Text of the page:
It should be noted, however, that the recalcitrant testimony provided by claimant’s counsel at the hearing of February 24, 2011 rendered it virtually impossible for the trial commissioner to make any findings whatsoever regarding counsel’s failure to attend the January 31, 2011 hearing. Our review of the transcript indicates that the trial commissioner made no less than seven (7) attempts to elicit an explanation from claimant’s counsel and at one point even offered examples of “good cause.” February 23, 2011 Transcript, pp. 3,5,6,7. Claimant’s counsel repeatedly declined the opportunity to offer any explanation, choosing instead to confine his remarks to a challenge of the procedural legitimacy of the hearing. As such, while we are bound under the particular circumstances of this claim to set aside the sanction imposed herein, we would offer a cautionary note to parties summoned to appear at a sanctions hearing pursuant to § 31288(b)(2) C.G.S. that failure to avail themselves of the opportunity to “show cause” may result in a finding that the conduct in question did indeed “unreasonably, and without good cause,” delay the completion of the hearings on the claim.
The February 24, 2011 “Ruling on Claimant’s February 3, 2011 Motion to Vacate the Commission’s Fine of February 1, 2011” of the Commissioner acting for the Seventh District is hereby reversed.
Commissioners Scott A. Barton and Christine L. Engel concur in this opinion.
1 In correspondence to the board dated May 2, 2011 filed relative to related appeal 5621 CRB-7-11-1, respondents’ counsel requested that the respondents be excused from participating in the instant appeal. BACK TO TEXT
2 Given that our reversal of the trial commissioner’s February 24, 2011 ruling is dispositive of both appeals addressed herein, we decline to review the appropriateness of the other rulings set out above. It should be noted that the denial of the December 20, 2010 claimant’s “Motion to Disqualify;” was the subject of Case Number 5621 CRB-7-11-1 while the other rulings were the subject of Case Number 5634 CRB-7-11-3. Moreover, although claimant’s counsel filed a Petition for Review, a Motion to Submit Additional Evidence, and Reasons for Appeal pertaining to Case Number 5621 CRB-7-11-1, no brief was ever submitted. BACK TO TEXT
3 Section 31-288(b)(2) (Rev. to 2007) states, in pertinent part: “[Whenever...] either party to a claim under this chapter has unreasonably, and without good cause, delayed the completion of the hearings on such claim, the delaying party or parties may be assessed a civil penalty of not more than five hundred dollars by the commissioner hearing the claim for each such case of delay. Any appeal of a penalty assessed pursuant to this subsection shall be taken in accordance with the provisions of section 31-301.” BACK TO TEXT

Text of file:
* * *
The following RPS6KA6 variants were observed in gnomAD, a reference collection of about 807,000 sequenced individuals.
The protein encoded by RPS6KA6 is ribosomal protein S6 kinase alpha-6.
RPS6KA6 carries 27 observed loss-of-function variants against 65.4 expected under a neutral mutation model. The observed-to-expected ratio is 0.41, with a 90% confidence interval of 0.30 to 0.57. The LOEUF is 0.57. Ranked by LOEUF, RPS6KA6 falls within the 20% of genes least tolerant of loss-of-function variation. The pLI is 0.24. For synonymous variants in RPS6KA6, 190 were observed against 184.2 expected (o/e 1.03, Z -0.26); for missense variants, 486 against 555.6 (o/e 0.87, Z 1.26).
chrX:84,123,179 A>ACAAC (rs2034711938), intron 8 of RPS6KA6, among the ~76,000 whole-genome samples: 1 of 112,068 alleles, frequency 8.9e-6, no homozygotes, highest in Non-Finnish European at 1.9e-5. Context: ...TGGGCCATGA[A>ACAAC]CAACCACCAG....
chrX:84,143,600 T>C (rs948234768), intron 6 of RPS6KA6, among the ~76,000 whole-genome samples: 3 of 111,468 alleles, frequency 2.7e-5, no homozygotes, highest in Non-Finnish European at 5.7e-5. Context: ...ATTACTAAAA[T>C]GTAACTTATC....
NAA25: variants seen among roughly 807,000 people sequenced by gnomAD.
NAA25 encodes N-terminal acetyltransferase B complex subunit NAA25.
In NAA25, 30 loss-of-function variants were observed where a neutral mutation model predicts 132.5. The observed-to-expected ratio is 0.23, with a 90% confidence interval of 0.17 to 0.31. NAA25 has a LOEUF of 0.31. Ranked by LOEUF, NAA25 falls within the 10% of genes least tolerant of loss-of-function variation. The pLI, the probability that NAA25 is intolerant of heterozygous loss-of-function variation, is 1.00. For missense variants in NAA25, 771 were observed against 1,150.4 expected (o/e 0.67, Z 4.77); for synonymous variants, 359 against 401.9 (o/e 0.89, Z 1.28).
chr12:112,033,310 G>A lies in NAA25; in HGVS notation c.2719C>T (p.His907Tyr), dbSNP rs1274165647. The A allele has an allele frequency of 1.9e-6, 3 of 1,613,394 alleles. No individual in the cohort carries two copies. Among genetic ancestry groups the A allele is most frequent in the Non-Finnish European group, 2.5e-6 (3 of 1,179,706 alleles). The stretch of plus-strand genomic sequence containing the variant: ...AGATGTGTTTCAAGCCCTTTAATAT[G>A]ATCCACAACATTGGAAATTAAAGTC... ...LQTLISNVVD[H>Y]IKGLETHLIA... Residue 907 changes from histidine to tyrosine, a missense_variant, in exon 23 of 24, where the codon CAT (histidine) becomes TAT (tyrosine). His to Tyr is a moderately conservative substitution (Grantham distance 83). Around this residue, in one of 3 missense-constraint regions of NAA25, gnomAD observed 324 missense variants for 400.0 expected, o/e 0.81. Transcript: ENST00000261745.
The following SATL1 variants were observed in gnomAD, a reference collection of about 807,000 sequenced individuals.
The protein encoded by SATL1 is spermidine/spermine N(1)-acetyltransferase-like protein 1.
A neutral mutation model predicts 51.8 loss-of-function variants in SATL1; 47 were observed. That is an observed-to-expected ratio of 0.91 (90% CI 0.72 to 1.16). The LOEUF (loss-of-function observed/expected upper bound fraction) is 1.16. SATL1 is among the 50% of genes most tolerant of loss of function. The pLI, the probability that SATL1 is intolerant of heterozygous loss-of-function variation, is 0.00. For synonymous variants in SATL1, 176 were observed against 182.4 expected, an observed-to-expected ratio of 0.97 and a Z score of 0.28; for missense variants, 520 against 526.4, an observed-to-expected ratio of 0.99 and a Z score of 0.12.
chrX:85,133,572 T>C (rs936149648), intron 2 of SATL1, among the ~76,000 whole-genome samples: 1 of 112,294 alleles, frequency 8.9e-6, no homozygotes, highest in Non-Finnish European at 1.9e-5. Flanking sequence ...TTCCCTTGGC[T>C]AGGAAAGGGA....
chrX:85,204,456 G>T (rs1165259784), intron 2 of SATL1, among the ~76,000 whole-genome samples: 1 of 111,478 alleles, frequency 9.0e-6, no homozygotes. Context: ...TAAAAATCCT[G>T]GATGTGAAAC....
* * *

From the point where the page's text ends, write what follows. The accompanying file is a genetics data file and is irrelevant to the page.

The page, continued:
4 Canon 3(c) of the Code of Judicial Conduct states, in pertinent part: “(1) A judge should disqualify himself or herself in a proceeding in which the judge’s impartiality might reasonably be questioned, including but not limited to instances where: (A) the judge has a personal bias or prejudice concerning a party, or personal knowledge of disputed evidentiary facts concerning the proceeding.” BACK TO TEXT
5 The Flamenco appeal was initially filed with the Compensation Review Board on the basis of a sanctions “form” letter; the board, citing the absence of a formal record, remanded the matter to the trial commissioner “for a formal hearing or other appropriate proceedings.” The Appellate Court disagreed with the board’s determination that no record existed on which to review the claimant’s appeal, instead holding that the penalty letter along with the claimant’s Petition for Review and Reasons of Appeal constituted such a record. BACK TO TEXT
6 We note that in her Ruling of February 24, 2011, the trial commissioner took administrative notice of correspondence dated January 4, 2011 from claimant’s counsel to the claimant informing the claimant of the January 31, 2011 hearing, which correspondence was attached to the trial commissioner’s notes from the January 31, 2011 hearing. While we recognize that such correspondence could give rise to the reasonable inference that the claimant’s counsel was aware that the hearing had been scheduled, we do not find, in light of the Appellate Court’s discussion in Flamenco v. Independent Refuse Service, Inc., 130 Conn. App. 280 (2011), that the mere existence of the correspondence in and of itself sufficiently satisfies the statutory requirements for an award of sanctions pursuant to § 31-288(b)(2) C.G.S. BACK TO TEXT